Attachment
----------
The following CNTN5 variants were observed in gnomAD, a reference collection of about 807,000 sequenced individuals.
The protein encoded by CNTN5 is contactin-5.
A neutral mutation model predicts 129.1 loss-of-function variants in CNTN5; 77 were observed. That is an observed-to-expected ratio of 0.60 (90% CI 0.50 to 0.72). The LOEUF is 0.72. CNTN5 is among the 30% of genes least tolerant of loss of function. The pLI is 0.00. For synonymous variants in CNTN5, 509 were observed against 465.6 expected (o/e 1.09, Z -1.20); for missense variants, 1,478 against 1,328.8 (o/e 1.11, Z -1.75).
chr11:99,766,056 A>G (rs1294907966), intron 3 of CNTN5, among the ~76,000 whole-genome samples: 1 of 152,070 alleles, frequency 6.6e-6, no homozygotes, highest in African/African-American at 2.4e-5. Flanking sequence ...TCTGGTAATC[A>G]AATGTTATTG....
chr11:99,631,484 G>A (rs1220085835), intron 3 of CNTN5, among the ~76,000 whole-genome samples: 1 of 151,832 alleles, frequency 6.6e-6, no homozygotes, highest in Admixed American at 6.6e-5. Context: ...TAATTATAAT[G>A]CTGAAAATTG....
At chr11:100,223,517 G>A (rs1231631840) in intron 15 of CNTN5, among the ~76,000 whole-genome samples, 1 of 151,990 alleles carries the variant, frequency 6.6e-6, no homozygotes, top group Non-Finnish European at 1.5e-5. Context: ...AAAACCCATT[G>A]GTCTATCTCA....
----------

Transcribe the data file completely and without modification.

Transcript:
The following CNTN5 variants were observed in gnomAD, a reference collection of about 807,000 sequenced individuals.
The protein encoded by CNTN5 is contactin-5.
A neutral mutation model predicts 129.1 loss-of-function variants in CNTN5; 77 were observed. That is an observed-to-expected ratio of 0.60 (90% CI 0.50 to 0.72). The LOEUF is 0.72. CNTN5 is among the 30% of genes least tolerant of loss of function. The pLI is 0.00. For synonymous variants in CNTN5, 509 were observed against 465.6 expected (o/e 1.09, Z -1.20); for missense variants, 1,478 against 1,328.8 (o/e 1.11, Z -1.75).
chr11:99,766,056 A>G (rs1294907966), intron 3 of CNTN5, among the ~76,000 whole-genome samples: 1 of 152,070 alleles, frequency 6.6e-6, no homozygotes, highest in African/African-American at 2.4e-5. Flanking sequence ...TCTGGTAATC[A>G]AATGTTATTG....
chr11:99,631,484 G>A (rs1220085835), intron 3 of CNTN5, among the ~76,000 whole-genome samples: 1 of 151,832 alleles, frequency 6.6e-6, no homozygotes, highest in Admixed American at 6.6e-5. Context: ...TAATTATAAT[G>A]CTGAAAATTG....
At chr11:100,223,517 G>A (rs1231631840) in intron 15 of CNTN5, among the ~76,000 whole-genome samples, 1 of 151,990 alleles carries the variant, frequency 6.6e-6, no homozygotes, top group Non-Finnish European at 1.5e-5. Context: ...AAAACCCATT[G>A]GTCTATCTCA....